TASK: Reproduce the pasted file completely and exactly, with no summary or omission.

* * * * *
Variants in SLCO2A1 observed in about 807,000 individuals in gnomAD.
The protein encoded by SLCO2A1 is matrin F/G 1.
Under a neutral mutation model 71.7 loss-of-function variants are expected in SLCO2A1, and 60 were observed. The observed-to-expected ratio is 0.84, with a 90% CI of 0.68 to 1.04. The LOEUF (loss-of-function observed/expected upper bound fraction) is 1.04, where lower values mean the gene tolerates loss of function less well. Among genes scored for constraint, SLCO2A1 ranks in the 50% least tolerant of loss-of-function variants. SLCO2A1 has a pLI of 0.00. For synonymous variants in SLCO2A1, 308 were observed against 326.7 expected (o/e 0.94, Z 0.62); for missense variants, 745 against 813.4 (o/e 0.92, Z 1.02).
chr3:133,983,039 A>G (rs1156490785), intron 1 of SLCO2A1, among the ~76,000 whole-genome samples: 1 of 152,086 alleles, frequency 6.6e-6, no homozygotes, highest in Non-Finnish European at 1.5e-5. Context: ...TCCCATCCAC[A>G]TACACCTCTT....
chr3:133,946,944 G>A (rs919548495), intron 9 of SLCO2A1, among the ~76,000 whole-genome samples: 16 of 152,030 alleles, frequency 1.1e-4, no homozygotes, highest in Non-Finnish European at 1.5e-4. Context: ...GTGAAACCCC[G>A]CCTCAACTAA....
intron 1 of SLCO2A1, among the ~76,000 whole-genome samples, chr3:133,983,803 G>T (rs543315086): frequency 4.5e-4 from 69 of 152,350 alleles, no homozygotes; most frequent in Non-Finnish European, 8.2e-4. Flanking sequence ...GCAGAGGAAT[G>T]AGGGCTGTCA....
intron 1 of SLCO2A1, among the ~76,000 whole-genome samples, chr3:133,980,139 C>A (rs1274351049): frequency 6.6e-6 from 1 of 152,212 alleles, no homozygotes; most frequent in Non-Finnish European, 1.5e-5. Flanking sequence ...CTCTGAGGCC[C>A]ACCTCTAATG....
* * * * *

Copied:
Variants in SLCO2A1 observed in about 807,000 individuals in gnomAD.
The protein encoded by SLCO2A1 is matrin F/G 1.
Under a neutral mutation model 71.7 loss-of-function variants are expected in SLCO2A1, and 60 were observed. The observed-to-expected ratio is 0.84, with a 90% CI of 0.68 to 1.04. The LOEUF (loss-of-function observed/expected upper bound fraction) is 1.04, where lower values mean the gene tolerates loss of function less well. Among genes scored for constraint, SLCO2A1 ranks in the 50% least tolerant of loss-of-function variants. SLCO2A1 has a pLI of 0.00. For synonymous variants in SLCO2A1, 308 were observed against 326.7 expected (o/e 0.94, Z 0.62); for missense variants, 745 against 813.4 (o/e 0.92, Z 1.02).
chr3:133,983,039 A>G (rs1156490785), intron 1 of SLCO2A1, among the ~76,000 whole-genome samples: 1 of 152,086 alleles, frequency 6.6e-6, no homozygotes, highest in Non-Finnish European at 1.5e-5. Context: ...TCCCATCCAC[A>G]TACACCTCTT....
chr3:133,946,944 G>A (rs919548495), intron 9 of SLCO2A1, among the ~76,000 whole-genome samples: 16 of 152,030 alleles, frequency 1.1e-4, no homozygotes, highest in Non-Finnish European at 1.5e-4. Context: ...GTGAAACCCC[G>A]CCTCAACTAA....
intron 1 of SLCO2A1, among the ~76,000 whole-genome samples, chr3:133,983,803 G>T (rs543315086): frequency 4.5e-4 from 69 of 152,350 alleles, no homozygotes; most frequent in Non-Finnish European, 8.2e-4. Flanking sequence ...GCAGAGGAAT[G>T]AGGGCTGTCA....
intron 1 of SLCO2A1, among the ~76,000 whole-genome samples, chr3:133,980,139 C>A (rs1274351049): frequency 6.6e-6 from 1 of 152,212 alleles, no homozygotes; most frequent in Non-Finnish European, 1.5e-5. Flanking sequence ...CTCTGAGGCC[C>A]ACCTCTAATG....